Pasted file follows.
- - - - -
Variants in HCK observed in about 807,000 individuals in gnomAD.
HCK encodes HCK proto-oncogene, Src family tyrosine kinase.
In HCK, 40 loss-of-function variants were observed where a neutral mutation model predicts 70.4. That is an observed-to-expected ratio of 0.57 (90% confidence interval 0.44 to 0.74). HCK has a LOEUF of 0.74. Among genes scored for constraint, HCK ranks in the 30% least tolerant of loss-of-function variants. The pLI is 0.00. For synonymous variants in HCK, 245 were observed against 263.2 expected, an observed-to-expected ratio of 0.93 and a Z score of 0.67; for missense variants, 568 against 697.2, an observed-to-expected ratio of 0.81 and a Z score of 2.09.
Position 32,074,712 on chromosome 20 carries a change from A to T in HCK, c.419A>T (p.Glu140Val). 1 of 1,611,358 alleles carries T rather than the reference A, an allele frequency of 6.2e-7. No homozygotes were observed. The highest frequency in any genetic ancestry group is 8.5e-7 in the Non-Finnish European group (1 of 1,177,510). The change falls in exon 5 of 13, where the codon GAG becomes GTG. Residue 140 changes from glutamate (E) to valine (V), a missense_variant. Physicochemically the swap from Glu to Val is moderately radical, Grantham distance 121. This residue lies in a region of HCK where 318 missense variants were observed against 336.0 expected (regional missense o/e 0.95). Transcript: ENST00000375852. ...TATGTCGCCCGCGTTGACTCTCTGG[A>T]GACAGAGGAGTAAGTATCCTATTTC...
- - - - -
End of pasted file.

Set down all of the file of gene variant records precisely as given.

Variants in HCK observed in about 807,000 individuals in gnomAD.
HCK encodes HCK proto-oncogene, Src family tyrosine kinase.
In HCK, 40 loss-of-function variants were observed where a neutral mutation model predicts 70.4. That is an observed-to-expected ratio of 0.57 (90% confidence interval 0.44 to 0.74). HCK has a LOEUF of 0.74. Among genes scored for constraint, HCK ranks in the 30% least tolerant of loss-of-function variants. The pLI is 0.00. For synonymous variants in HCK, 245 were observed against 263.2 expected, an observed-to-expected ratio of 0.93 and a Z score of 0.67; for missense variants, 568 against 697.2, an observed-to-expected ratio of 0.81 and a Z score of 2.09.
Position 32,074,712 on chromosome 20 carries a change from A to T in HCK, c.419A>T (p.Glu140Val). 1 of 1,611,358 alleles carries T rather than the reference A, an allele frequency of 6.2e-7. No homozygotes were observed. The highest frequency in any genetic ancestry group is 8.5e-7 in the Non-Finnish European group (1 of 1,177,510). The change falls in exon 5 of 13, where the codon GAG becomes GTG. Residue 140 changes from glutamate (E) to valine (V), a missense_variant. Physicochemically the swap from Glu to Val is moderately radical, Grantham distance 121. This residue lies in a region of HCK where 318 missense variants were observed against 336.0 expected (regional missense o/e 0.95). Transcript: ENST00000375852. ...TATGTCGCCCGCGTTGACTCTCTGG[A>T]GACAGAGGAGTAAGTATCCTATTTC...